Reading inclusive books enriches the curriculum
Inclusive and relatable books can do wonders in a curriculum. Many schools study the Second World War in Key Stage 2. This topic often includes a class read, such as Michael Morpurgo’s books. While such books are beautiful classics, their language can be difficult to engage with for many children. We have been encouraging schools to use Noor-un-Nissa Inayat Khan by Sufiya Ahmed. This fantastic book tells the real-life story of a French-speaking Muslim spy hand-picked by Winston Churchill to help fight the war. She is a heroic female protagonist, marking a refreshing change from the typically male-centric, white image of the war that has been propagated for decades.
Another book that we fell in love with and heartily recommend is The Girl Who Stole an Elephant by Nizrana Farook. It weaves together action and adventure so effortlessly that we were quickly hooked. Nizrana describes the landscape, creatures, smells and sounds of Sri Lanka, her home country, with care and authenticity. The protagonist, Chaya, isn’t your typical amalgamation of lazy stereotypes. Instead, Nizrana challenges gender stereotypes, creating a slightly reckless but deeply loyal and resilient character. Last year, we were blown away when a secondary school teacher took up our recommendation and encouraged his school to buy copies for all of his Year 7 class.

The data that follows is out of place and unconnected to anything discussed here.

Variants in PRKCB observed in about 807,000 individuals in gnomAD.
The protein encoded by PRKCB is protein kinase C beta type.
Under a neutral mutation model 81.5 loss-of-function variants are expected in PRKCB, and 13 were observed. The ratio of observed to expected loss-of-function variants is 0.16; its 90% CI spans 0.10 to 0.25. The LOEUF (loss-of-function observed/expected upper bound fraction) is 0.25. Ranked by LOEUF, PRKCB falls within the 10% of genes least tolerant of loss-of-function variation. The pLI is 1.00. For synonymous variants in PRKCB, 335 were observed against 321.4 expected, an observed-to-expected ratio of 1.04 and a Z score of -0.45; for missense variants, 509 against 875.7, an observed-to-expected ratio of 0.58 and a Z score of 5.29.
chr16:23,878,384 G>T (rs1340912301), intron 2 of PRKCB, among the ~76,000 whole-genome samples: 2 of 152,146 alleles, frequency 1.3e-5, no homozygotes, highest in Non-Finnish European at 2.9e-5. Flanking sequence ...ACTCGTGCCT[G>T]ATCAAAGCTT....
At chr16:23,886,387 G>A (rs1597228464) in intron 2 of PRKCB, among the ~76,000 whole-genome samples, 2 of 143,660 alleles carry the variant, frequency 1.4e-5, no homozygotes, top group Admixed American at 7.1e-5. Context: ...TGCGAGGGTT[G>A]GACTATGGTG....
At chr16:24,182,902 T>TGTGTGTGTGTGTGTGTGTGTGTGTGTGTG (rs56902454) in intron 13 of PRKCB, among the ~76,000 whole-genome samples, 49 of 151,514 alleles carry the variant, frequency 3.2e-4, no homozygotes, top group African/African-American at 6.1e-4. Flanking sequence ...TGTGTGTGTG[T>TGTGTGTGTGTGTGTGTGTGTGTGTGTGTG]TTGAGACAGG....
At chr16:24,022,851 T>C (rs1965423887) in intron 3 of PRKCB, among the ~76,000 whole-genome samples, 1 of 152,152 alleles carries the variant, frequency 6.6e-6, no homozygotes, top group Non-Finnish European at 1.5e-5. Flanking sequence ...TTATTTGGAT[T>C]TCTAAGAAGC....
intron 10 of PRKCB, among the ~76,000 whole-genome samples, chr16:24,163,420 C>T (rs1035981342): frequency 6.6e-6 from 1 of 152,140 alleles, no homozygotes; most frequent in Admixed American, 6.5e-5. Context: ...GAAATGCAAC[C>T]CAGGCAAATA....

Some of the many of our titles, which we have been loving, recommending and promoting recently, are Anita and the Dragons by Hannah Carmona, Julian is a Mermaid by Jessica Love, Hats of Faith by By Medeia Cohan-Petrolin, Freedom We Sing by Amyra León, The Lost Homework by Richard O’Neill, Amari and the Night Brothers by BB Alston, A Thousand Questions by Saadia Faruq, Boy, Everywhere by A. M. Dassu, Windrush Child by Benjamin Zephaniah and Asha and the Spirit Bird by Jasbinder Bilan. Please check out our website for any further recommendations.
Going forward, we want to develop on the links we have made, continue to promote inclusive books and keep speaking with schools about how they can affect change. We hope to collaborate with Books2All in the future. We love Books2All’s ethos and admire its commitment to combating educational inequality and making a positive change by ensuring books can get into the hands of children.
Thank you for visiting our blog. Our vision here at Books2All is a world where every child finds the books that help them reach their true potential. If you have spare books in good condition at home that you think might be appropriate for school children, please sign up for our app’s pre-release waiting list. If you represent a school, please register to receive books for your students.